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HMS Devastation in 1896
|General characteristics |
|Displacement:||9,330 long tons (9,480 t)|
|Length:||285 ft (87 m) pp
307 ft (94 m) oa
|Beam:||62 ft 3 in (18.97 m)|
|Draught:||26 ft 8 in (8.13 m)|
|Propulsion:||Two coal fired Penn trunk engines, 2 screws,
6,640 ihp (4,950 kW) (Devastation)
|Speed:||13.84 kn (25.63 km/h; 15.93 mph)|
As built: 4 × 12-inch (305 mm) rifled muzzle-loading guns mounted in two turrets
6 × 6-pounder QF guns
8 × 3-pounder QF guns
|Armour:||Belt: 8.5–12 in (220–300 mm) with 16–18 inches (410–460 mm) wood backing
Breastwork: 10–12 in (250–300 mm)
Turrets: 10–14 in (250–360 mm)
Conning tower: 6–9 in (150–230 mm)
Decks: 2–3 in (51–76 mm)
Bulkheads: 5–6 in (130–150 mm)
The two British Devastation-class battleships of the 1870s, HMS Devastation and HMS Thunderer, were the first class of ocean-going capital ship that did not carry sails, and the first which mounted the entire main armament on top of the hull rather than inside it. For the first fifteen years of their lives, they were the most powerful warships in the world.
The genesis of the design was a request by the First Lord of the Admiralty Hugh Childers to the head of ship design at the Admiralty, Edward Reed in early 1869 for a large breastwork monitor which could steam from Queenstown (now Cobh) in Ireland to Halifax in Canada. At a meeting shortly afterwards of the Admiralty board it was agreed that the ship should have two 12-inch (305 mm) guns firing 600-pound (270 kg) shells mounted in each of two turrets protected by 14 inches (360 mm) of armour, which would each have a 280 degree field of fire. The ship would be protected by a 12-inch (300 mm) thick armour belt around the waterline.
A very low freeboard of 4 feet 6 inches (1.4 m) was agreed since the ship was now intended for coastal service in waters around the United Kingdom or service in the relatively calm Mediterranean. Twin steam engines and twin screws were felt necessary for security, and there was a strong feeling that masts and sails should be eliminated to reduce interference with the field of fire of the turrets, but their absence meant that the vessel could not operate far away from friendly coaling stations.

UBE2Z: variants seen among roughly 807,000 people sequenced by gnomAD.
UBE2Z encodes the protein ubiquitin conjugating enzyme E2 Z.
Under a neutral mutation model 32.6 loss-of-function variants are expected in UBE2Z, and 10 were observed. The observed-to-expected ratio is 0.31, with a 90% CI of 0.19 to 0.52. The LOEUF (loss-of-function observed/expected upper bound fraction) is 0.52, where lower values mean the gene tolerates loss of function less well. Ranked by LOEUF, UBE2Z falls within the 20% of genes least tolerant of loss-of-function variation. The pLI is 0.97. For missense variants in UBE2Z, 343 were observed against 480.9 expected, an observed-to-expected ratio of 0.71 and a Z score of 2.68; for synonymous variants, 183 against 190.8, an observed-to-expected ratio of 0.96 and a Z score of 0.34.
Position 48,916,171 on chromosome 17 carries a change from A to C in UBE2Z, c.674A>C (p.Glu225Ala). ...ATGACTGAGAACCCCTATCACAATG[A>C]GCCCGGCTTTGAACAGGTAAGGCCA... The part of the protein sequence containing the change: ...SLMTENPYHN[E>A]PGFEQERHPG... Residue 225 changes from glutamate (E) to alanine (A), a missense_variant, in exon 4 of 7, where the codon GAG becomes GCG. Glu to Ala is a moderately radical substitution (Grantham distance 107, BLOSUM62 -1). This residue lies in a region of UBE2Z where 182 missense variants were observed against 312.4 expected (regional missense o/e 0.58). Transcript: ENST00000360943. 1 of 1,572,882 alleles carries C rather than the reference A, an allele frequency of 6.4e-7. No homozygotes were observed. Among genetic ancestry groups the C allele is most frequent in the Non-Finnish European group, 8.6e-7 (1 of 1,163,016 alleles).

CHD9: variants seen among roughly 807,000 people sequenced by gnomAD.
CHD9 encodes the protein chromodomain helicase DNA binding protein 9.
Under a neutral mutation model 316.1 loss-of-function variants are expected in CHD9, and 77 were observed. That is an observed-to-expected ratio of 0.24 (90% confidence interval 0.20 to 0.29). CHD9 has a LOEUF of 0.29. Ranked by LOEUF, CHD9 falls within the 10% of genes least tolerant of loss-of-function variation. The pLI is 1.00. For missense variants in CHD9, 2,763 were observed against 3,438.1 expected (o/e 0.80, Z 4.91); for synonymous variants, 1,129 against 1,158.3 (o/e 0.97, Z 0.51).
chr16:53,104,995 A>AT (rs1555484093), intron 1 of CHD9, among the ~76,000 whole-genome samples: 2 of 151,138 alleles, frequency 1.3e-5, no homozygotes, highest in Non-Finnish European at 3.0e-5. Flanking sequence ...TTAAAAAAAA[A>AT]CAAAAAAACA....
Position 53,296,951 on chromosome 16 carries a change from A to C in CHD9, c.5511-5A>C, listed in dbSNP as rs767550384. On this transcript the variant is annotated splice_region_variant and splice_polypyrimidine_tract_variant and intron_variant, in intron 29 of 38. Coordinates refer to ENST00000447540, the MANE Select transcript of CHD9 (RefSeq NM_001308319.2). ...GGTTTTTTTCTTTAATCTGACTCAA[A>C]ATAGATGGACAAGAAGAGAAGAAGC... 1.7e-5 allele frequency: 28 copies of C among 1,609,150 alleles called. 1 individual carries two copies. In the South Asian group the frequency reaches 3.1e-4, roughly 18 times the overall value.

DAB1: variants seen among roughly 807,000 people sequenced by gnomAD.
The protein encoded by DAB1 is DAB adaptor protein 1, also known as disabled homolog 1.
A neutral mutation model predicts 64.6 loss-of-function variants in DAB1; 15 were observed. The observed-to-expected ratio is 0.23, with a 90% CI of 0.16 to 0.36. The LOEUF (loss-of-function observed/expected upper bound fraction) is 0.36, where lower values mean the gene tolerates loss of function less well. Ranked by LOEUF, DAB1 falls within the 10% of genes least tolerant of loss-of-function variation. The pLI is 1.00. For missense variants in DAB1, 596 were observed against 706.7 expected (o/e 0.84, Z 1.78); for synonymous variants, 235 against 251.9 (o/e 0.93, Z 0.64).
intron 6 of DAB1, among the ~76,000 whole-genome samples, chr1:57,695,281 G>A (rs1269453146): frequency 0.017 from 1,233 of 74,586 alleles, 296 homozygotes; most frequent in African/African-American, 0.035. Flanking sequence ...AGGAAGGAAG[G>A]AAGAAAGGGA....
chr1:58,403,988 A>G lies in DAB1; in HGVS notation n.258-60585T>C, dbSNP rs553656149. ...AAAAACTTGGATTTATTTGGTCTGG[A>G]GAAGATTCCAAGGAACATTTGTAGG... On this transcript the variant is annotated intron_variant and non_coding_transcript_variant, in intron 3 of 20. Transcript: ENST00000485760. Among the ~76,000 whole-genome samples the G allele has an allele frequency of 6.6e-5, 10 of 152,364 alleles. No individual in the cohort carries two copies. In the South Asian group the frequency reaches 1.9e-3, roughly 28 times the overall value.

A replica of the proposed turret was constructed and tested at Shoeburyness in May 1872. The 11-inch (280 mm) armour plate backed by 15 inches (380 mm) of teak and a 1.25-inch (32 mm) metal skin resisted hits from a 25 ton gun firing at a range of 200 yards (180 m), although one shot hit a joint between plates and opened a gap 7 inches (180 mm) wide but did not penetrate.
The loss of HMS Captain in 1870 led to concerns about the stability of turret ships, and a committee was set up to determine whether HMS Devastation would be safe. One effect of this was to extend the armoured breastwork with unarmoured structure to the sides of the ship and carried aft to improve the stability at large angles of heel. This greatly improved the crew comfort by adding extra accommodation and especially latrines, but since it was not armoured would have been riddled in a battle reducing the stability of the vessel.
In 1871 a 9-foot (2.7 m) long model of Devastation was tested in a water tank, and subsequently with an 18-foot (5.5 m) long version. Once Devastation was completed, tests could be carried out with the real ship. This included building up a roll of 7 degrees by having 400 men run backwards and forwards across the deck 18 times. Other tests involved taking it to sea to look for rough weather, in one trial waves of 20-26 feet (6-8 m) were encountered which gave the ship a 14 degree roll either way.
- Chesneau and Kolesnik 1979, p. 23.
- Brown 2003, p. 60.
- Brown 2003, p. 61.
- Brown, David. Warrior to Dreadnought: Warship development 1860–1905, Chatham Publishing.
- Chesneau, Roger and Eugene M. Kolesnik. Conway's All The World's Fighting Ships 1860–1905. London: Conway Maritime Press, 1979. ISBN 0-85177-133-5.
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